Imagine my surprise, sitting in my local art cinema watching coming attraction trailers, when I saw the name Larry Mullen Jr., co-starring in ‘Man on the Train,’ a remake of Patrice Leconte’s 2002 French film, playing the role that earned that country’s pop star Johnny Hallyday critical respect as an actor.
And yes, it’s that Larry Mullen, Jr., who plays drums for world-renowned rock band U2, taking a busman’s holiday to produce the film with director Mary McGuckian, who insisted he must take the role. Mullen plays a sullen drifter who shows up in a small U.S. town one day like the “Man With No Name” in a Clint Eastwood western, ostensibly to rob a bank, though he ends up forging an identity-swapping friendship with a retired poetry professor played by Donald Sutherland, in an award-worthy performance of his own.
“I had fanciful ideas about things I’d like to do in my spare time,” says Mullen. “One of them was a helicopter pilot, another was free-fall parachuting, and the other was acting. I had become accustomed to being in the background. I never wanted to be the lead singer or guitar player. I had made a decision about where I enjoyed being, and that was relegated to the back. So, I decided, what could I do that would push the boat out from me, and make me feel really uncomfortable, but be incredibly challenging. And acting was the answer.”
In playing this distant, mysterious character whose motives remain uncertain, Mullen used his discomfort and inexperience as an actor to his advantage, as well as his sense of rhythm and pacing.
“There’s no doubt, as far as a role is concerned, it couldn’t have been better for me,” he says. “The original part was also played by a pop star. That was the whole reason for doing this film. When Mary got the rights, we went into partnership for the production. The idea was for me to play a cameo, but she insisted I had to do it.”
Mullen admits, if he’d known Sutherland would be joining the cast, he might not have been so amenable to the idea.
“Since I wasn’t a trained actor, I had no idea what it would be like to act in front of somebody like him,” he says. “Within 10 minutes of meeting him, I felt like I had maybe bitten off more than I could chew. But he was very generous in the way he didn’t offer me advice. He absolutely stayed out of my way, and gave me enough rope. And I mean that in a good way. He was saying, if you’re going to do this, do it. You’re on your own. I’m not going to be your fall guy. He didn’t actually say that, but I imagined he would’ve said that if he could have. It was more like, go for it. For the 17 days I was there, I was very unsure of what I was doing. We had a good relationship on and off the set. And very occasionally, he would turn around to me and say, ‘You’re doing good.’”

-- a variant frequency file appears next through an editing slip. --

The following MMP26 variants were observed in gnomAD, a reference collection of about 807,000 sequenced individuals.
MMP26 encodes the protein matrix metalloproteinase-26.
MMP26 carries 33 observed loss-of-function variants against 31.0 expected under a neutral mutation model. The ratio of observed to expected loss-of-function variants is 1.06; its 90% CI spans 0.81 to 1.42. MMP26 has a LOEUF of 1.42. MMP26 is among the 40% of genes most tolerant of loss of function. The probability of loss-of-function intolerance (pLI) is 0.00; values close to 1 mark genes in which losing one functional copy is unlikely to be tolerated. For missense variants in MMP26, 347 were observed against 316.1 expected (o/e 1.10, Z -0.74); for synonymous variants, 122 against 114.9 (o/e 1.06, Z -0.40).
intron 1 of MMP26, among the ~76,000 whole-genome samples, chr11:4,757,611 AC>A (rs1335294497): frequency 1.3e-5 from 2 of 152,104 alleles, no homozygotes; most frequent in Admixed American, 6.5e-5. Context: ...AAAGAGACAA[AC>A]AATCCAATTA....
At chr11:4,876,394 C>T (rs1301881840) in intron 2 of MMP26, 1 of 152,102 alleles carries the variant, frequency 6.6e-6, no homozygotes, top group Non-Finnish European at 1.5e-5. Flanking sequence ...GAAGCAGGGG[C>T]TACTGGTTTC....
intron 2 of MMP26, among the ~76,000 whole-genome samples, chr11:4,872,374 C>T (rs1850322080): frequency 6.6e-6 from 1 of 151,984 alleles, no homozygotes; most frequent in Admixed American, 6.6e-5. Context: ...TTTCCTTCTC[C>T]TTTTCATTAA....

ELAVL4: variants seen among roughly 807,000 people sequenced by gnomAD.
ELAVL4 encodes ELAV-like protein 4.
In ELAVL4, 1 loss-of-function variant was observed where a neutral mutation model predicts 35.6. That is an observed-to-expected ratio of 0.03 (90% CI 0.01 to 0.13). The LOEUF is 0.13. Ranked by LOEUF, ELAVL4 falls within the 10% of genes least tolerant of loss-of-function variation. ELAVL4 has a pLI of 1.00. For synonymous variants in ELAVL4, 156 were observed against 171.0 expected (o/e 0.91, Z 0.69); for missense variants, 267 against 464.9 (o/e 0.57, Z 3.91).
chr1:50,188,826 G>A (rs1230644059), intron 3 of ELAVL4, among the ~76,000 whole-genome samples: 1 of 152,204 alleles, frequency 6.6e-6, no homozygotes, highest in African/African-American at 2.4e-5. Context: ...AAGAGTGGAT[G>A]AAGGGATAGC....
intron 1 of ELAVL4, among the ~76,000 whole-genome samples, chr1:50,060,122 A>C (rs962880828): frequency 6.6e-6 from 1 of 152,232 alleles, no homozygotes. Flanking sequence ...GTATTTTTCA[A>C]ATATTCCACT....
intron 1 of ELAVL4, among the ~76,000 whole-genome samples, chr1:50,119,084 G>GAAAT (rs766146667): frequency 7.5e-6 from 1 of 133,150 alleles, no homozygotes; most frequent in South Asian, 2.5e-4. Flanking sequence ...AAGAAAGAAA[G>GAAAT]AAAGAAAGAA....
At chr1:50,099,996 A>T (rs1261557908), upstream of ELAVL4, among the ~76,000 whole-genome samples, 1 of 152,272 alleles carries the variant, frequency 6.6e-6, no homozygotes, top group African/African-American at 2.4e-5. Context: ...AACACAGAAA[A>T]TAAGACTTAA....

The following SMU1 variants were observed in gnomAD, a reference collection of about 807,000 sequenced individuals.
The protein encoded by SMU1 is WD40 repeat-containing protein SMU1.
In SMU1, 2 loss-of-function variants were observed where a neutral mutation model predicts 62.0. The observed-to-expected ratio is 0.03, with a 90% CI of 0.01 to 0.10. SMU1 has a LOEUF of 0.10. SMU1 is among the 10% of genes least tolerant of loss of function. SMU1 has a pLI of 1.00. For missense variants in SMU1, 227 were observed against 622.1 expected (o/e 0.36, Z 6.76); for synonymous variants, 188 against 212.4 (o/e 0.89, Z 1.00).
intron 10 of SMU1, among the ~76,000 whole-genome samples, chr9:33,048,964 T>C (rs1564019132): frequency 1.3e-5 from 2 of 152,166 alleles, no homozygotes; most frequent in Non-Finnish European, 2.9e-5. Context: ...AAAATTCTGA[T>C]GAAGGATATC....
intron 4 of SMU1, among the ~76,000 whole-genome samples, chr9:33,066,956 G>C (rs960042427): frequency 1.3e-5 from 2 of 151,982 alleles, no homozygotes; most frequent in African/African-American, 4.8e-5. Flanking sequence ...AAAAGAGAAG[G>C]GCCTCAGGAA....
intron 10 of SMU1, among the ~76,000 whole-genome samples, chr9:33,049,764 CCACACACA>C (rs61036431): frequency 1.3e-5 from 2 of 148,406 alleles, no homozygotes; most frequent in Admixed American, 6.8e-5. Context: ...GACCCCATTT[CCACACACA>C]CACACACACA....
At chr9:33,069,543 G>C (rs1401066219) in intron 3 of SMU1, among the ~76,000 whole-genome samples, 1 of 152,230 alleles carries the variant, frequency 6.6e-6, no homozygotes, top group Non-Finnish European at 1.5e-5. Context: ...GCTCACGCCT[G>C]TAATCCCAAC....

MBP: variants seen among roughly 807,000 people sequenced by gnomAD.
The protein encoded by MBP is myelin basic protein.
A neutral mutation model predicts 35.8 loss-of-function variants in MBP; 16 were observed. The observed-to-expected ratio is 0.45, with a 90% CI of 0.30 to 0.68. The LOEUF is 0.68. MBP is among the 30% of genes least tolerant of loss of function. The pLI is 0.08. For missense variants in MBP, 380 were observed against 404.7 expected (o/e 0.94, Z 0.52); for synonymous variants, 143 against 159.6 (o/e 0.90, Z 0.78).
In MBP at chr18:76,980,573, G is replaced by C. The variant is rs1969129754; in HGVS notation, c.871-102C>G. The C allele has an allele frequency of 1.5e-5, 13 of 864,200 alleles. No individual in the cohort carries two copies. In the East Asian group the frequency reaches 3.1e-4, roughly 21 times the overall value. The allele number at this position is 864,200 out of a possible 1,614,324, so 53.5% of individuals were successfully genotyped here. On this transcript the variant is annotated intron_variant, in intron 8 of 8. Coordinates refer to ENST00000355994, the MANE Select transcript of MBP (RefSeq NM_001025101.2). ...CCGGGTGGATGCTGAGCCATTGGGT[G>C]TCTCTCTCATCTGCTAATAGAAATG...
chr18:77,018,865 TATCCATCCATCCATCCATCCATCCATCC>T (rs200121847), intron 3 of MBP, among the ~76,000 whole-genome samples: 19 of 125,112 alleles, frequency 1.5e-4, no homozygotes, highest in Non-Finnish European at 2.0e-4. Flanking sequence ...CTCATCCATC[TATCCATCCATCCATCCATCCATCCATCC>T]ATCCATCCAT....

Mullen points out the two men’s relationship—with each envying the other’s strong points, the man of action vs. the man of contemplation—is a very European thing.
“It is deeply un-American to invite somebody back to your house unless you have some ulterior motive,” says the drummer about the movie’s homoerotic implications. “And that’s kind of the beauty of it because it’s kind of at odds with what people think now. But it has nothing to do with a gay come-on. It’s essentially a buddy movie, about two men who grow to like and care about each other. And I think that’s kind of liberating in a funny way.
“In French cinema, a slow-burning movie like this is an art form. In American movie-making it’s all about how many punctuation marks you can have. This movie’s not about that. It’s not for everybody. You have to be interested in filmmaking and the characters to enjoy this film.”
Mullen also recommends ‘Man on the Train’ to “anyone interested in great acting… It’s one of Donald Sutherland’s finest roles in a long time, his first lead in a while. He does everything that could be expected of a great actor. And it was thrilling to see that. In my mind, he’s one of the greatest, most underrated actors of all time. There’s no question in my mind he deserves Oscar consideration.”
As far as his day job goes, Mullen says Bono and the rest of the U2 gang are taking a well-deserved break from what has been almost two years of recording and touring on the just-completed 360 tour.
“There’s a lot of stuff to catch up on,” he says. “We’ll get together next year and then decide what we’re going to do.”